Life was good. We were happy. Both my husband and I were serving in callings at church and we found great fulfillment in our lives. But, I have come to understand that I often feel at peace and feel firm in where I am in life when the Lord asks me to change it. I was driving in the car one day after being out running errands. I received a strong impression that I needed to quit my part-time business. This was nothing I had ever considered before, and I didn’t see any logic to it. I counseled with my husband about this. We were both confused as to why that would be, as this business was very rewarding financially compared to the time commitment that it required. We were not sure how things would work financially, but moved forward with faith and I spent the next two months dissolving my business. The next two months I spent in prayer letting my Heavenly Father know that I trusted in Him and that I would take whatever course he directed for me.

One day I picked up the newspaper and saw an ad for a full-time position at a local company. The spirit strongly testified to me that I needed to apply for the position. I submitted my resume even though I did not feel as though I was qualified for the position. To my surprise I received a phone call and was asked to come in for an interview. My interview went very well and before I knew it I was filling out paperwork to start working full-time. I began to panic and to question my decision. How could the Lord be asking me to go to work full-time? Haven’t the prophets encouraged us to be at home? I continued forward despite my confusion, as I knew that Lord had directed my path and had put me here.

Thursday, March 18, 2010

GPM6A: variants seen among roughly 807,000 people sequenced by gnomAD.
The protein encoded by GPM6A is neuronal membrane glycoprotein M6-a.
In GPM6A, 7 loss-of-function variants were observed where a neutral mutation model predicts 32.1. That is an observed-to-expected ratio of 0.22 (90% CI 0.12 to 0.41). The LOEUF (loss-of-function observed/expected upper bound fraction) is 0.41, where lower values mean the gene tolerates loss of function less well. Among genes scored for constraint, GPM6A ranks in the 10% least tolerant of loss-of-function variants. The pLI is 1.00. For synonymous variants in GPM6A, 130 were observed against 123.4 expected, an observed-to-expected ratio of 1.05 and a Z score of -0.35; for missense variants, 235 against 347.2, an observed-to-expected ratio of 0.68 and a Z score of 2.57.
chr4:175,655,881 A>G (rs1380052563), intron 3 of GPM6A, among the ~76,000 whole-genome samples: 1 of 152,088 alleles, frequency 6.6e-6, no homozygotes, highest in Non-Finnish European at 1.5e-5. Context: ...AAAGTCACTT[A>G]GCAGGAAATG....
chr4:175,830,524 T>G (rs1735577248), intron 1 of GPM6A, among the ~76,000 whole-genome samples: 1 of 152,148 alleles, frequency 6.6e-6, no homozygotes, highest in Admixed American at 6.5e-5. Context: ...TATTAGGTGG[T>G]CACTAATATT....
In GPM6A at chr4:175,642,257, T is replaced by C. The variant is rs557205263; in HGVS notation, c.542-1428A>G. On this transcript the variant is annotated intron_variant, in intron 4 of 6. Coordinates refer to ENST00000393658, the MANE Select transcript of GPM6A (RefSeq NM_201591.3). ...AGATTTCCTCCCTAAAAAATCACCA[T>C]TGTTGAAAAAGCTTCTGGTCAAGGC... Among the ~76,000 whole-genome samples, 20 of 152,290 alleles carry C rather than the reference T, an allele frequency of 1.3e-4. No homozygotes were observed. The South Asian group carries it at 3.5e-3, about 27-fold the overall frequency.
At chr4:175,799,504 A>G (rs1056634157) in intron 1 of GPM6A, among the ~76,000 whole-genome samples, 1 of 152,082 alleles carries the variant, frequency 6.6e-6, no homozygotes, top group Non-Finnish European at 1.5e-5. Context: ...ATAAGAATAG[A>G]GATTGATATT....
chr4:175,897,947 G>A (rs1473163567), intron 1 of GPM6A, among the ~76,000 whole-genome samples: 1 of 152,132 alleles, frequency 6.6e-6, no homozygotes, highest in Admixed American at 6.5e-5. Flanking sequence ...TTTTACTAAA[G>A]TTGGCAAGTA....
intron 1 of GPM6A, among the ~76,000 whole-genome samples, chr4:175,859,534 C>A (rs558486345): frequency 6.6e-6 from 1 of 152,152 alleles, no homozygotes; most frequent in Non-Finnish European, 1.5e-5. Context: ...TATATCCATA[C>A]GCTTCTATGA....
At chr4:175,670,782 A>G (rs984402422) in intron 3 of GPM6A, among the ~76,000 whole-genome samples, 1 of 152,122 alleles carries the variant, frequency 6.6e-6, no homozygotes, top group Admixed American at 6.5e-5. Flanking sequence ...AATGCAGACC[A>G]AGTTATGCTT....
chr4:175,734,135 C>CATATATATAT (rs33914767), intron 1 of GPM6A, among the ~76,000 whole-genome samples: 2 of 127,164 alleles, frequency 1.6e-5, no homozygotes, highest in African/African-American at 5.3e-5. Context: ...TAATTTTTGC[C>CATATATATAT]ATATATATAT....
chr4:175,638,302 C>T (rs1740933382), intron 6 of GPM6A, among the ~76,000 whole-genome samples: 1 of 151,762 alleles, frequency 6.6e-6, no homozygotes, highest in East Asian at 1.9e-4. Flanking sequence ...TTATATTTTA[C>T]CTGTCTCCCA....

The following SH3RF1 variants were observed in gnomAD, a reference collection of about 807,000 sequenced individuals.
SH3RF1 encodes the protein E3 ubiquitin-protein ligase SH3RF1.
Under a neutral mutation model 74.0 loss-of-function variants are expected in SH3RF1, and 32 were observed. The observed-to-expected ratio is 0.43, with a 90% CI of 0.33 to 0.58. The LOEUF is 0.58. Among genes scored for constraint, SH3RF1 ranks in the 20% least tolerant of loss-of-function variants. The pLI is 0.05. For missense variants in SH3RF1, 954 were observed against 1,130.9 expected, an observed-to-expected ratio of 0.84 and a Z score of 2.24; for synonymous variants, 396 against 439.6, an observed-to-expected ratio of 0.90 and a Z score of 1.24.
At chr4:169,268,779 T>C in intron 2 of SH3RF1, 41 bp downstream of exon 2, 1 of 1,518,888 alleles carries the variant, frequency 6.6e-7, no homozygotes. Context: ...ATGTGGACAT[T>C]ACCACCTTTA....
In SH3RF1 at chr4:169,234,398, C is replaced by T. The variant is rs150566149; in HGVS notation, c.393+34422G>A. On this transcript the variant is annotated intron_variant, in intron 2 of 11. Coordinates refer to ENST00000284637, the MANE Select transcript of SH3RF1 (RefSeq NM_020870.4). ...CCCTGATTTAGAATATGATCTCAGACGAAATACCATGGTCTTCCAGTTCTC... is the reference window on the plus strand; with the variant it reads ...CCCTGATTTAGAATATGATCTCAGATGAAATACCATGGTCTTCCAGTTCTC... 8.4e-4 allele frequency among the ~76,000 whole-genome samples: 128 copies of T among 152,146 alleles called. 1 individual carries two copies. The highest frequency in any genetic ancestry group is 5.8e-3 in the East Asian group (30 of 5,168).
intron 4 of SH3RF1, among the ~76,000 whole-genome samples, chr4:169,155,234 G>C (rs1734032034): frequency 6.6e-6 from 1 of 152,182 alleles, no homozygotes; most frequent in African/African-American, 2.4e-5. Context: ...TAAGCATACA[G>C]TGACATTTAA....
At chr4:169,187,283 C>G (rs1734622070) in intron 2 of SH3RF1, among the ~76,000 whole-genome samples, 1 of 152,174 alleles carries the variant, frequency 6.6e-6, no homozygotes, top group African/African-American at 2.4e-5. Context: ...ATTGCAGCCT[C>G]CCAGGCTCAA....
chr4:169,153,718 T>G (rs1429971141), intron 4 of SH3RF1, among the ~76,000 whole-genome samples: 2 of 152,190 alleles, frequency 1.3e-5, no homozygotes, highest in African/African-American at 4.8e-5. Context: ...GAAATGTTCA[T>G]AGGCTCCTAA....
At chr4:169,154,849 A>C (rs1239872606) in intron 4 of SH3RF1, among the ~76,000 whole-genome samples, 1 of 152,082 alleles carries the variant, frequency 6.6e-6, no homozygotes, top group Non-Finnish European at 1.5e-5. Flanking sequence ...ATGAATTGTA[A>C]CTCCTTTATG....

Working full-time and caring for the kids keeps me running. There are not usually enough hours in the day to accomplish everything I need to. So luxuries, such as a clean house and a home cooked meal do not happen every day. But, I wish they did. At the end of the day when I look around and see the cluttered house and the dirty dishes from the grilled cheese I quickly made for dinner, I miss the days that I was home to clean the house and cook meals. The angels that reach out, on occassion, just to pull you up when you feel like you are sinking, truly feel as though they are sent from heaven. On more than one occassion while I was at work friends from my church (TB, KR & LS) have come over and cleaned my house and brought me a meal. Do you know how wonderful it is to come home on a day that ends with Parent Teacher Conference to a home cooked meal and a clean house? TB, KR, & LS have been fabulous in their small acts of service to me. These tasks that my life does not allow me the time to get done in a timely fashion have brought relief and joy to my life. I still love to sit in my living room and see the painted walls, and to sit in a CLEAN living room, with a full stomach from a delicious casserole and best brownies ever... that is just a gift!